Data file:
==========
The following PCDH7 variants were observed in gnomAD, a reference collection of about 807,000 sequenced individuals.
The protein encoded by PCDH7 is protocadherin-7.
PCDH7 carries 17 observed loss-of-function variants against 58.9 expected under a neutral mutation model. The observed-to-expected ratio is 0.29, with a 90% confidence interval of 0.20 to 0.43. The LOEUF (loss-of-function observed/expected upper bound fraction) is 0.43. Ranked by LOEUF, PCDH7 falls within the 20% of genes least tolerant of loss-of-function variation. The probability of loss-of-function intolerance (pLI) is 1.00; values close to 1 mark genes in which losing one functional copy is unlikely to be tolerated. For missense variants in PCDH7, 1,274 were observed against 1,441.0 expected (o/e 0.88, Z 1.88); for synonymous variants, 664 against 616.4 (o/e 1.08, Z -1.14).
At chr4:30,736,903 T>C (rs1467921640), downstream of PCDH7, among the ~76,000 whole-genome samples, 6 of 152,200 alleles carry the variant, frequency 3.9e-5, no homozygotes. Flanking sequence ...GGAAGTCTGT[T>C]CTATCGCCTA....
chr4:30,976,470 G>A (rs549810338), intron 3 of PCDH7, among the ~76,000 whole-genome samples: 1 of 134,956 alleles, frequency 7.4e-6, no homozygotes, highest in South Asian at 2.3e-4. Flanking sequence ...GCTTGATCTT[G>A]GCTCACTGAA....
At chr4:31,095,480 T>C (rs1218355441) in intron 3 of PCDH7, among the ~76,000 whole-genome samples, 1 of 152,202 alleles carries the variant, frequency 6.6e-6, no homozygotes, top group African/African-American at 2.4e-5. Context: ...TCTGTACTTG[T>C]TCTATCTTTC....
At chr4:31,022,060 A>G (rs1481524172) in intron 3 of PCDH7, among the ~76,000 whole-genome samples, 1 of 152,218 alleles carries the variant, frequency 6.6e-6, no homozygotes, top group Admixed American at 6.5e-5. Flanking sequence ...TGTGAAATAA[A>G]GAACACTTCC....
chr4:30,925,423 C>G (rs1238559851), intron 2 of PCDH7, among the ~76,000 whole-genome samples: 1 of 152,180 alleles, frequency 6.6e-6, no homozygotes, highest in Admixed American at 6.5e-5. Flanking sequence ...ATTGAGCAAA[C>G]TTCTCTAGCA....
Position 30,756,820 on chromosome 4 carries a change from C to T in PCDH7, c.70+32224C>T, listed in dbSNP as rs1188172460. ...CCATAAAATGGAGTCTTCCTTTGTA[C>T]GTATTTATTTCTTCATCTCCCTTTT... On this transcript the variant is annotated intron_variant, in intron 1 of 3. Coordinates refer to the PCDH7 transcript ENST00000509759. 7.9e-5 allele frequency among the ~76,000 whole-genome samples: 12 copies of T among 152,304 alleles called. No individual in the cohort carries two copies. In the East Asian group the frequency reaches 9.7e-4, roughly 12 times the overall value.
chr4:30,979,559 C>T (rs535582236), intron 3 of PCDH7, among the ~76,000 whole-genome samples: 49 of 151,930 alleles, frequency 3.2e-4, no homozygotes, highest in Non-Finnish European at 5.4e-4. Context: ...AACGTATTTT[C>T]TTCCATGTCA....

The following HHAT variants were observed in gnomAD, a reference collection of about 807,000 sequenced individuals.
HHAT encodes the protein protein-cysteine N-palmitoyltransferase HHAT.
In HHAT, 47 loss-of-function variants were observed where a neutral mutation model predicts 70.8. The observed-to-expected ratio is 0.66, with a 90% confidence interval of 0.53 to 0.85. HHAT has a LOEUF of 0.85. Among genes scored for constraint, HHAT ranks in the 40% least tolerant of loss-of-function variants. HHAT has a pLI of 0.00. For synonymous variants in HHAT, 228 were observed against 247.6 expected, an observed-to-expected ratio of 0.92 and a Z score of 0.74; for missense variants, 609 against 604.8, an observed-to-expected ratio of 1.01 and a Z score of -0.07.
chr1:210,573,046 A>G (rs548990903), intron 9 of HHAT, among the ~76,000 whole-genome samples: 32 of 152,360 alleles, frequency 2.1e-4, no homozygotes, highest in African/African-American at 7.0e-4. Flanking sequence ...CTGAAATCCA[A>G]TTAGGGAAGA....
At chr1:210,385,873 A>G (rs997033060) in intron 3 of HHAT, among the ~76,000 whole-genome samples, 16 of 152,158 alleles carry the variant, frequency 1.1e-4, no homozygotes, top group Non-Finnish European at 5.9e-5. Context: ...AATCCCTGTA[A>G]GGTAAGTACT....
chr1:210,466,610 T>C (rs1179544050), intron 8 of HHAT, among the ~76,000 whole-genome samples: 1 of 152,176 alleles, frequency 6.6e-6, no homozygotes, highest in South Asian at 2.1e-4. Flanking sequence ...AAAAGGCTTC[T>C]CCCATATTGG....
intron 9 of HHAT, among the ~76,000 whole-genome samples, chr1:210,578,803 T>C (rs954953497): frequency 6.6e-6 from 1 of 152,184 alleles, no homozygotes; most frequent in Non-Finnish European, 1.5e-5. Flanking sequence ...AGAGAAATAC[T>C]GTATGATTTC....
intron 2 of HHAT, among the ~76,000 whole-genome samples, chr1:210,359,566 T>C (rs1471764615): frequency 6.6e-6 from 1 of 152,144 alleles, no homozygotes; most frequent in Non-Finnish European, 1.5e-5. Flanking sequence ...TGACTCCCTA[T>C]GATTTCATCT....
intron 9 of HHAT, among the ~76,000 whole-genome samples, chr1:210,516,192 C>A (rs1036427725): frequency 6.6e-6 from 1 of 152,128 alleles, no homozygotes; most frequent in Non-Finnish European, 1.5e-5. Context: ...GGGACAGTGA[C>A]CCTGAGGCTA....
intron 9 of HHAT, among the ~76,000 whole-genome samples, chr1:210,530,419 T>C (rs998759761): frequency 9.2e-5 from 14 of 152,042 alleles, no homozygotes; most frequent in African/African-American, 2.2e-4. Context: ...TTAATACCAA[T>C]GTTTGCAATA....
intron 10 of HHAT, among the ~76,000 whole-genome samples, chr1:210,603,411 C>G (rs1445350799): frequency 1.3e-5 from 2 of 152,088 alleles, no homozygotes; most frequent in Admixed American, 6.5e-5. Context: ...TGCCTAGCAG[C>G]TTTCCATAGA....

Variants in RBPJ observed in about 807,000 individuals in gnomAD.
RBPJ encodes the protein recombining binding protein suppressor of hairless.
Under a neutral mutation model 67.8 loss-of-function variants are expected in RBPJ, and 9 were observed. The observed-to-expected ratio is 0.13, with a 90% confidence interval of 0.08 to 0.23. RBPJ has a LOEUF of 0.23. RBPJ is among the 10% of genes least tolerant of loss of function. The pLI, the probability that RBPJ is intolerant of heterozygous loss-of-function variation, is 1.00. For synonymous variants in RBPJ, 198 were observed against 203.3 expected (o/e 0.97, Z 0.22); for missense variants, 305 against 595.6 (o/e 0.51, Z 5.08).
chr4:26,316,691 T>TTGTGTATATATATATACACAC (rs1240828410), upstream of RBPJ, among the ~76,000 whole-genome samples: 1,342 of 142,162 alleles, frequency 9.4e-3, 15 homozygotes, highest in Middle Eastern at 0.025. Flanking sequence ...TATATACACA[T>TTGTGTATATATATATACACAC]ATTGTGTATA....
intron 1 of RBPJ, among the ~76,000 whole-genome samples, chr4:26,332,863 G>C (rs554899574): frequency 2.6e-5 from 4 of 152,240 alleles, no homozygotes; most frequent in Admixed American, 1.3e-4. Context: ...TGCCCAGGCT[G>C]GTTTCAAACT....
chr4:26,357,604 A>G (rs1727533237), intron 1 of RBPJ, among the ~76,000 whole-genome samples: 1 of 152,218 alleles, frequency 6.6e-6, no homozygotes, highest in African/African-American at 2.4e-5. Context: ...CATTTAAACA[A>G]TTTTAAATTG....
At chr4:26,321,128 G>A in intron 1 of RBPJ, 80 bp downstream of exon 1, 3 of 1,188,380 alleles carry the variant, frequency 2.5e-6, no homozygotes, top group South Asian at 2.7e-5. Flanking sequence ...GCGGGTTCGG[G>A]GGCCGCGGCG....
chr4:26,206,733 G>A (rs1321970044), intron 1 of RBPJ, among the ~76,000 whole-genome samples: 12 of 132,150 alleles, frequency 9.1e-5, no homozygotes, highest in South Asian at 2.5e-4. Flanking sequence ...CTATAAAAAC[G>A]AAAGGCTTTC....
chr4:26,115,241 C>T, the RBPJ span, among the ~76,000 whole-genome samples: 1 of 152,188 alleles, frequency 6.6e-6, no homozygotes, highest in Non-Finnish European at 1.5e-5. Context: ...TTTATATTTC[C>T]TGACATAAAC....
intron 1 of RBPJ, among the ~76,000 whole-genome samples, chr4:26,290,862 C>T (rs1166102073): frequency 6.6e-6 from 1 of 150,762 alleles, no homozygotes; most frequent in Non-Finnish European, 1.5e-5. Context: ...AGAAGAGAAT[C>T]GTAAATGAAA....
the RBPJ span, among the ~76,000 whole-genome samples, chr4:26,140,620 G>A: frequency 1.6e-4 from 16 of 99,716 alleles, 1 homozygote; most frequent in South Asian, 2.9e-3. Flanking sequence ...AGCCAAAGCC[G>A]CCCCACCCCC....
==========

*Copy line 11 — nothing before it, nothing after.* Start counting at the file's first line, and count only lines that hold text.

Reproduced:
The following HHAT variants were observed in gnomAD, a reference collection of about 807,000 sequenced individuals.